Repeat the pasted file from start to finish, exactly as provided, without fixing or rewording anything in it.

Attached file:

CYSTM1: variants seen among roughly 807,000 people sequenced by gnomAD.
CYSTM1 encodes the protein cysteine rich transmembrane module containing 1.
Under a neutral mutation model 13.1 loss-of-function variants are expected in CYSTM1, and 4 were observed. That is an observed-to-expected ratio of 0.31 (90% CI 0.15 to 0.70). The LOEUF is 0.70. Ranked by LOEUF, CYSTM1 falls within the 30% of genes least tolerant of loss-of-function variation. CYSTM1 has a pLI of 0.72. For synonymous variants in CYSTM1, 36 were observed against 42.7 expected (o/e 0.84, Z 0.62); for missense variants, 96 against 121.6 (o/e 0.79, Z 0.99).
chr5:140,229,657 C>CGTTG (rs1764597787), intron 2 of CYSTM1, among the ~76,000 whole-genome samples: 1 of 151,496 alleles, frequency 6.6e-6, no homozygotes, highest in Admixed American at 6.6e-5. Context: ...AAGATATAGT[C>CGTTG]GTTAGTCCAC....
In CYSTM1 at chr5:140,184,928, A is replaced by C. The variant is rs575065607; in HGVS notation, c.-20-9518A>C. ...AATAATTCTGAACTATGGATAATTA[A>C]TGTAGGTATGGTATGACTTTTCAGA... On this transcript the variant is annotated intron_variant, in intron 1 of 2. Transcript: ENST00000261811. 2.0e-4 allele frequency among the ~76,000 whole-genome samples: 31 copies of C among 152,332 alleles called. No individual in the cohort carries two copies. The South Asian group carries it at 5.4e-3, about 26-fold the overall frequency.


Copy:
CYSTM1: variants seen among roughly 807,000 people sequenced by gnomAD.
CYSTM1 encodes the protein cysteine rich transmembrane module containing 1.
Under a neutral mutation model 13.1 loss-of-function variants are expected in CYSTM1, and 4 were observed. That is an observed-to-expected ratio of 0.31 (90% CI 0.15 to 0.70). The LOEUF is 0.70. Ranked by LOEUF, CYSTM1 falls within the 30% of genes least tolerant of loss-of-function variation. CYSTM1 has a pLI of 0.72. For synonymous variants in CYSTM1, 36 were observed against 42.7 expected (o/e 0.84, Z 0.62); for missense variants, 96 against 121.6 (o/e 0.79, Z 0.99).
chr5:140,229,657 C>CGTTG (rs1764597787), intron 2 of CYSTM1, among the ~76,000 whole-genome samples: 1 of 151,496 alleles, frequency 6.6e-6, no homozygotes, highest in Admixed American at 6.6e-5. Context: ...AAGATATAGT[C>CGTTG]GTTAGTCCAC....
In CYSTM1 at chr5:140,184,928, A is replaced by C. The variant is rs575065607; in HGVS notation, c.-20-9518A>C. ...AATAATTCTGAACTATGGATAATTA[A>C]TGTAGGTATGGTATGACTTTTCAGA... On this transcript the variant is annotated intron_variant, in intron 1 of 2. Transcript: ENST00000261811. 2.0e-4 allele frequency among the ~76,000 whole-genome samples: 31 copies of C among 152,332 alleles called. No individual in the cohort carries two copies. The South Asian group carries it at 5.4e-3, about 26-fold the overall frequency.